“Christmas Guide to Buying a Bible” at First Things

Thinking of giving the Bible as a gift this Christmas? First Things asked me to give some recommendations, which you can find at On the Square here:

"Christmas Guide to Buying a Bible"

I had a hard time narrowing down the list. Should I recommend the Legacy ESV or the Single Column Journaling Bible? (I went with the latter, as much as I love the Legacy.) Feel free to make your own recommendations either here or there. What Bible would you want for Christmas?

17 Comments on ““Christmas Guide to Buying a Bible” at First Things

  1. Hands down, thanks to your say-so, the Cambridge Clarion in KJV, goatskin. I already have it though.
    I wouldn’t mind the Schulyer with the Confessions, but it’s a bit spendy, considering the Clarion that I already have… :-/

  2. For the Catholics out there, I might also recommend a print edition of the Saint John’s Bible.

  3. First of all,I really miss this blog during the weeks of absence! But I understand how busy you are and I appreaciate how much you have helped me and many others as we purchase and use the Bible.
    I actually am waiting on a Legacy tp arrive to my house later this week! I saw one in a store for the first time, and I couldn’t stop thinking about it! This is my first Crossway edition and I’ve been a little spoiled by the elegance of Allan’s and Cambridge (and TBS,because of the beautiful Westminister!). I know the Clarion is a little smaller and I usually appreciate that in a Bible,but I really wanted this Legacy as a part of my library because of what it represents. It will be my primary ESV reading edition for awhile.
    I have had my eye on the Allan ESV compact for some time. If I had to ask for a quality Bible without scaring someone with the price, I would probably ask for the Compact. There’s something about it that makes it stand out. And it’s super portable!
    There’s about four more that are on my list ( I plan to purchase them by the end of 2013). After that I will focus on rare,one-of-a-kind editions that will be great additions to my library but not heavily used. They will become part of the heirlooms I pass on to my children. I’m pretty certain about my list,unless you introduce me to some new Bible that is one of the Bibles of my dreams (which you have done before!)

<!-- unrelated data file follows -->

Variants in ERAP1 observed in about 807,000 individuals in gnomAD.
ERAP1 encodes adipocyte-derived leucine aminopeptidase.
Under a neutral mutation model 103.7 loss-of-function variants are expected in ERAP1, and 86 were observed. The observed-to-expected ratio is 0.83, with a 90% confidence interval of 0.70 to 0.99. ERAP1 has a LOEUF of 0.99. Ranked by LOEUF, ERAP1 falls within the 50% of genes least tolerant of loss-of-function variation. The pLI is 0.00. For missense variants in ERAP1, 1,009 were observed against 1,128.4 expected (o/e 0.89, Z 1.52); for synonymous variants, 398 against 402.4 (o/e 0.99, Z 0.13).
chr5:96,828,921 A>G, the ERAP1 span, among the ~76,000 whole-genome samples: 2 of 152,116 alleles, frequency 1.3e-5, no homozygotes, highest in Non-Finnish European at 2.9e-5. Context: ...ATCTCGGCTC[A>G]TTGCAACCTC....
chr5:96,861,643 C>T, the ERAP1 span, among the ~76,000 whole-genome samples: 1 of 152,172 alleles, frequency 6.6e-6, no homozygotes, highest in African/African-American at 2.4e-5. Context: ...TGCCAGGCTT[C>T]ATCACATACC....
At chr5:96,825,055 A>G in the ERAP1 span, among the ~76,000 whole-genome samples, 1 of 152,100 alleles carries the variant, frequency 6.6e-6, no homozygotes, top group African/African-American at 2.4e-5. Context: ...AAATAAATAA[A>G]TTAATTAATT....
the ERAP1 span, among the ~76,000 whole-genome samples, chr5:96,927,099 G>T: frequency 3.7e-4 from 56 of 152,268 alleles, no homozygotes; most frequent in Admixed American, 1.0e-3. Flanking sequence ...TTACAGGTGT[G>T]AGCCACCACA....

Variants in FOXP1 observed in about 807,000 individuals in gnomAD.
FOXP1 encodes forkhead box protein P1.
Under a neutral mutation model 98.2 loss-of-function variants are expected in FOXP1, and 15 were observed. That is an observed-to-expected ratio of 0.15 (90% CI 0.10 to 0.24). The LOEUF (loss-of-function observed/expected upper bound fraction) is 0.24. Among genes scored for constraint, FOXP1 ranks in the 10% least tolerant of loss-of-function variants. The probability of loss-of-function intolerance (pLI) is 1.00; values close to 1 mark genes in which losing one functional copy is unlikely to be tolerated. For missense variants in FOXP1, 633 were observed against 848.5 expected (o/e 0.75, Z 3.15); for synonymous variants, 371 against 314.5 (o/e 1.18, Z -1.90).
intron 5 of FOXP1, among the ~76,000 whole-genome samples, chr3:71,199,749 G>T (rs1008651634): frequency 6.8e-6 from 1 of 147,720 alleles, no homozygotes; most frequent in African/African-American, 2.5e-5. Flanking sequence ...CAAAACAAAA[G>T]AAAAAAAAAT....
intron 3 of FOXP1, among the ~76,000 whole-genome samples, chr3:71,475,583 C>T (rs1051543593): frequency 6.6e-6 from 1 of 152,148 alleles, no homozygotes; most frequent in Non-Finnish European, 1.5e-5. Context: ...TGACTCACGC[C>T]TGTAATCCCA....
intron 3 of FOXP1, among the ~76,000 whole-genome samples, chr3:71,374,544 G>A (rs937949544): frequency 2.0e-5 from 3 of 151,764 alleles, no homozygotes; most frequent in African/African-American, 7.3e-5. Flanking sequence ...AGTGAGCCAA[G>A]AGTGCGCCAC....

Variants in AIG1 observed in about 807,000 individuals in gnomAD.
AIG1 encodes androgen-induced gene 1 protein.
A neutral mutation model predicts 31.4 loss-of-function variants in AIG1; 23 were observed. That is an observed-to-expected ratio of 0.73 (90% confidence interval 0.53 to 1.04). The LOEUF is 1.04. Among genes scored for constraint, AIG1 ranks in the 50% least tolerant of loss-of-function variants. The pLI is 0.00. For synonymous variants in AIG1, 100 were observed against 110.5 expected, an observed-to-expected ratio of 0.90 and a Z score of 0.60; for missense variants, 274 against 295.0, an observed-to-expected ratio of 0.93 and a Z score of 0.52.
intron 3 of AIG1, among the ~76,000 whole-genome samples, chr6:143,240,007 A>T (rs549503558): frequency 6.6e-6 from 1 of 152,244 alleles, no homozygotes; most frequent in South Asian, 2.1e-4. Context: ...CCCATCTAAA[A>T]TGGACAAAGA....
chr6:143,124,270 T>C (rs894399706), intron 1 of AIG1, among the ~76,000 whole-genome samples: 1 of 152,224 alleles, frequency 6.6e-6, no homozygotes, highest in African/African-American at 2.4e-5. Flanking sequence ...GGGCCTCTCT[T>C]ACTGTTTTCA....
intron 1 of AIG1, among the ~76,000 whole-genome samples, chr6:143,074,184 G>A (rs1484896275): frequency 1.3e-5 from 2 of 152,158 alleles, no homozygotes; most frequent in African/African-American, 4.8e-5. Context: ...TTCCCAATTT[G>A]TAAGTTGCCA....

4. I’ve had my eye on the latest incarnation of the Allan NRSV since your article about it back in July. After reading your recommendation of it once again in this First Things article, I finally decided to just stop torturing myself and buy one with a nice black cover. I might have a capable binder replace the ribbons with something red or black (I have an old Scofield reference KJV in deep black French morocco with black ribbons and it’s a sweet look).
    Anyway, thanks for all the great articles. I look forward to more.

  5. I may not have been one of your first three readers but it’s been more than six years since encountering your blog. Thanks.
    Do you have a review of the Heritage Edition BCP/KJV in the works?

  6. >> “I want a nice edition of the RSV.”
    >> While I’m not aware of any good RSVs in print now (perhaps a reader will chime in, if I’ve overlooked something),…
    If I understand him correctly, Mark excluded study Bibles from his article, so I’m posting this RSV here rather than there:
    The New Oxford Annotated Bible
    This seems to be a decent hardback binding, with a sewn textblock (plus as much glue as a perfect binding!) And it is, as far as I can tell, the only RSV in print with a complete “Expanded Apocrypha”, including both the Catholic Deuterocanon and all the Orthodox Anagignoskomena.

  7. I’m waiting for the new kjv brown goatskin pitt minion! Just received email that it’s shipped! That’s a lovely Christmas present 🙂

  8. Clarion KJV in goatskin, but I already own it. Failing that, Clarions in every other translation, and something in single-column paragraph with the Apocrypha (NCPB doesn’t count!).

  9. I wouldn’t mind a St John’s Bible, either, because it is a beautiful set of books, but it’s very expensive (it makes a Clarion look like a Penguin or Oxford paperback Bible), and it’s NRSV.